When I was young, I used to volunteer because I wanted to be seen as kind and deserving of praise. I was always the first one to put up my hand when a teacher asked for volunteers. I felt amazing and useful every time I did something nice for others.
As I grew up, I started to see that, even in school, there were people struggling with work or bullying. I started to realise that everyone I meet is fighting a battle I know nothing about. Things can get a lot better if everyone offers each other a helping hand.
I started a club in my secondary school called Magis (meaning grow and excel in a language I can’t quite remember), which offered free tutoring to students who needed it. I ran the project and tutored after school every day. I saw first-hand how students could improve so quickly and build up their confidence once they knew how to solve the mathematical problems they thought they would never be able to do. As their anxious faces started to turn into big grins, I felt a sense of fulfilment.
However, the real turning point came a few years later, when my project that supported Year 9s to develop public speaking skills came to a standstill. My school was not being particularly supportive and I left a meeting with the deputy head feeling disheartened. I kept asking myself: why did I subject myself to this?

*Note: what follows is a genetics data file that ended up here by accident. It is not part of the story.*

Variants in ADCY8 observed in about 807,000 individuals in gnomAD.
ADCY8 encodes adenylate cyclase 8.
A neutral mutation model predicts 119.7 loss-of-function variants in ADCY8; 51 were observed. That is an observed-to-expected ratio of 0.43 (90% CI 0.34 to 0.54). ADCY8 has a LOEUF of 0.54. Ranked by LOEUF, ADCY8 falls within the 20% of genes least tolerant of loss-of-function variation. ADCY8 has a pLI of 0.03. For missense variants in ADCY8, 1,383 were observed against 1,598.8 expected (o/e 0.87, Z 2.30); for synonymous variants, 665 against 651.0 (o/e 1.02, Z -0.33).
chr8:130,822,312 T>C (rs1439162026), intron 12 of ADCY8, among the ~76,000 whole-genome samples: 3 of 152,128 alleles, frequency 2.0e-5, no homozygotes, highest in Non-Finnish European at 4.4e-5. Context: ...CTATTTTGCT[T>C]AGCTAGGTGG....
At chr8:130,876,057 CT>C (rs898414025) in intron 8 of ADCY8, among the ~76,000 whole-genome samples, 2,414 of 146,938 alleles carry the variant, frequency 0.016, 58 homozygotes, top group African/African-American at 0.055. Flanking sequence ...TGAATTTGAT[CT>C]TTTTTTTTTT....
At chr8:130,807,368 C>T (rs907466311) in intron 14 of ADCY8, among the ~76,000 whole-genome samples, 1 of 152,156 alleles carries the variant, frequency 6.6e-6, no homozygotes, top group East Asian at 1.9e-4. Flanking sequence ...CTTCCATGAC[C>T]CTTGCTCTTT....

On the verge of giving up, I saw one of my best students, who gave me her charismatically big smile. She told me that she never thought she could debate before but it was my enthusiasm that made her reconsider. That made me realise that I had worked so hard for these kids – not for the school or myself. I felt most accomplished when they felt confident, and I almost felt embarrassed when a parent of a very shy boy came and thanked me for what I did.
I believe that everyone deserves to be happy and no kindness is too small to put a smile on someone else’s face. That is the belief I held with me when I started volunteering with Schools Plus, Cambridge, designing a history project for students. I want to make the students enjoy what they do and flourish in knowledge – something that will give them confidence and fulfilment.
Volunteering, of course, has given me a great deal of pleasure, too. Still, I am most happy when the people I help are. That’s why I volunteer.
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